In late August, Gannett announced that it was offering a voluntary buyout plan to staffers 55 and over with at least 15 years service, part of an effort to “better align our structure to become a next generation media company.” Eligible employees have 45 days to take the offer, which reportedly amounts to about a year’s pay for a 25-year veteran. So sometime in mid-October, expect to hear about departures of veterans from USA Today, the Arizona Republic, and other Gannett publications. It’s become a familiar, orderly ritual in the newspaper business.
But at one Gannett paper, the process surrounding these buyouts has been anything but smooth. When the Newspaper Guild representing employees of the Detroit Free Press tried to bargain over the terms of the deal, Gannett withdrew the offer within 24 hours. That turn of events has frustrated at least some staffers who would have qualified for the buyout and has sparked concern that, if the offer is not reinstated, the company will instead opt for layoffs to get the targeted cost savings. In the past, layoffs have been conducted in reverse order of seniority, affecting younger employees first.
Guild officials declined to discuss the situation in detail but did confirm the basic sequence of events.
“The Guild, as is our duty, raised questions about whether retiree health care would apply to folks taking the buyout and similar issues,” John Gallagher, president of the Newspaper Guild of Detroit and a Free Press reporter, wrote via email to CJR. “The company refused to meet on those issues and immediately withdrew the plan instead.”
Robert Huschka, the paper’s new executive editor, declined to comment. A representative for Michigan.com, which oversees business operations for the Free Press, referred inquiries to a Gannett spokesperson, who did not respond immediately. A different Gannett spokesperson contacted by CJR earlier in the week did not directly address questions about the events in Detroit.
It’s unclear at this point what will happen next. A report in Crain’s Detroit Business, which included some details on the buyout talks, noted that it is one of a pair of recent squabbles between the union and management, as both sides prepare for negotiations on a new contract. The current three-year contract expires in early 2016.
For the time being, frustration with the situation is apparent in interviews with newsroom staffers and in internal emails obtained by CJR between Guild officers and reporter Lori Brasier, a 23-year veteran at the paper and Guild member who qualified for the buyout offer. Brasier confirmed that the emails were hers but declined to discuss them.
“What you folks have now accomplished is this—those who want to leave will be forced to stay, while younger, new employees will soon be forced out,” Brasier wrote to Gallagher and two other Guild leaders on August 29, shortly after the offer was withdrawn. “How that benefits ANYBODY is beyond me. You can blame the company all you want, but if you had simply signed off… employees could have addressed the questions you mention … and made their own decisions. If the offer was so bad, we could have all walked away. Now we have no say in the matter. And for that, I remain angry. I am stuck, while Gannett employees around the nation are walking away with buyouts.”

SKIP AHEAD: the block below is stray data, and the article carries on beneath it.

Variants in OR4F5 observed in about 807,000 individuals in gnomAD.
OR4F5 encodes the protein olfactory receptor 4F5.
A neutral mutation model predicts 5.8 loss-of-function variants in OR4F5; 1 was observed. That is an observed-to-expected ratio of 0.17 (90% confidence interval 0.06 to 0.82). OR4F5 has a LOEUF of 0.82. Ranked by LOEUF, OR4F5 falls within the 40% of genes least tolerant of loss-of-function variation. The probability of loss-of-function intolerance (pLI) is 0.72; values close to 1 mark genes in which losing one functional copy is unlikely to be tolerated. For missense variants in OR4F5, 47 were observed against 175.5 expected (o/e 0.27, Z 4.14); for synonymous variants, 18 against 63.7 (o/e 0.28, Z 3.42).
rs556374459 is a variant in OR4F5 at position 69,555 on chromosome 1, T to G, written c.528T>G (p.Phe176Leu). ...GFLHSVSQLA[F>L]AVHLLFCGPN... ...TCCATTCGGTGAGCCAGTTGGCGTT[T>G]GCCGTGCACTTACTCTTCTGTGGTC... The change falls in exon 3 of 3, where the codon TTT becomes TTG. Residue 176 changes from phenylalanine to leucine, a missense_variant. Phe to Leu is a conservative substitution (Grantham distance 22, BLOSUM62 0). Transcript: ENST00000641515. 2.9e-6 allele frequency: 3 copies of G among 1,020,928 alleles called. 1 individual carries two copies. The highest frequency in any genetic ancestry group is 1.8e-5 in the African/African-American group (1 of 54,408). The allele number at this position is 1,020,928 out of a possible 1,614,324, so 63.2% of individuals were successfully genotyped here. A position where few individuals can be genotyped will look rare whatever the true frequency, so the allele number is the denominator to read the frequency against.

The correspondence between Guild leaders and newsroom staffers, as well as limited public comments, frame the buyout deal as one episode in the broader relationship between union and management—but with differences of opinion about how to proceed.
“I sense that this decision was made in attempt to take a stand, in anticipation of contract negotiations later this year; in other words, to flex our muscle,” Brasier wrote in the August 29 email. “It was a bad calculation. And it made us weaker.”
In an email sent to Guild members at the Free Press and other local papers the same day, Lou Grieco, the Guild’s administrative officer, suggested that the frustration of staffers is exactly what the company is “counting on.”
“That way,” he wrote, “they hope to get us [on] a very slippery slope toward ‘standard’ benefits (with non-organized newsrooms.) The Guild will protect the right and duty to bargain.”
Only about 10 percent of Gannett’s labor force is represented by a union, according to the most recent report filed with the Securities and Exchange Commission. That figure includes employees at broadcast properties, which were spun off this year into a separate company.
In an email to Brasier obtained by CJR, Gallagher noted that when Gannett announced its plan, “it demanded that the Guild sign off on it without meeting us to discuss it and without providing documents outlining the plan or answering some of our basic questions…” He listed some of those questions, which included whether the employees who accept the offer would be free to work for other employers without affecting their salary continuation benefit. Gallagher also confirmed the authenticity of the email exchange to CJR.
Gallagher also stated in the email that although the company has met with the Guild to discuss questions on all previous early retirement programs, it did not do so in this case. “We are consulting with our attorney now to see how to follow this up,” he wrote.